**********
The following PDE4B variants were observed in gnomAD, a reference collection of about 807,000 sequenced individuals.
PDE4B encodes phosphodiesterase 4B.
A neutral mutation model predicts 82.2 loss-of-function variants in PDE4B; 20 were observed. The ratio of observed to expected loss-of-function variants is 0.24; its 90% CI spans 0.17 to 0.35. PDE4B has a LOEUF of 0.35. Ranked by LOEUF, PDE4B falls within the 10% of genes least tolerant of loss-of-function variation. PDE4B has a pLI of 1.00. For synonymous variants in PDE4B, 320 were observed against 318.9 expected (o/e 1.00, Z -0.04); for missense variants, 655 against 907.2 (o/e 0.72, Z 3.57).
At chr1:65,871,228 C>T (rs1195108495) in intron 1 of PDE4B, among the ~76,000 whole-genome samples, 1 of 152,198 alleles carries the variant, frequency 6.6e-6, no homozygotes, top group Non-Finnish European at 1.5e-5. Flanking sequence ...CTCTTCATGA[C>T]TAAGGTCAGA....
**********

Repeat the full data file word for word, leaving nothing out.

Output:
The following PDE4B variants were observed in gnomAD, a reference collection of about 807,000 sequenced individuals.
PDE4B encodes phosphodiesterase 4B.
A neutral mutation model predicts 82.2 loss-of-function variants in PDE4B; 20 were observed. The ratio of observed to expected loss-of-function variants is 0.24; its 90% CI spans 0.17 to 0.35. PDE4B has a LOEUF of 0.35. Ranked by LOEUF, PDE4B falls within the 10% of genes least tolerant of loss-of-function variation. PDE4B has a pLI of 1.00. For synonymous variants in PDE4B, 320 were observed against 318.9 expected (o/e 1.00, Z -0.04); for missense variants, 655 against 907.2 (o/e 0.72, Z 3.57).
At chr1:65,871,228 C>T (rs1195108495) in intron 1 of PDE4B, among the ~76,000 whole-genome samples, 1 of 152,198 alleles carries the variant, frequency 6.6e-6, no homozygotes, top group Non-Finnish European at 1.5e-5. Flanking sequence ...CTCTTCATGA[C>T]TAAGGTCAGA....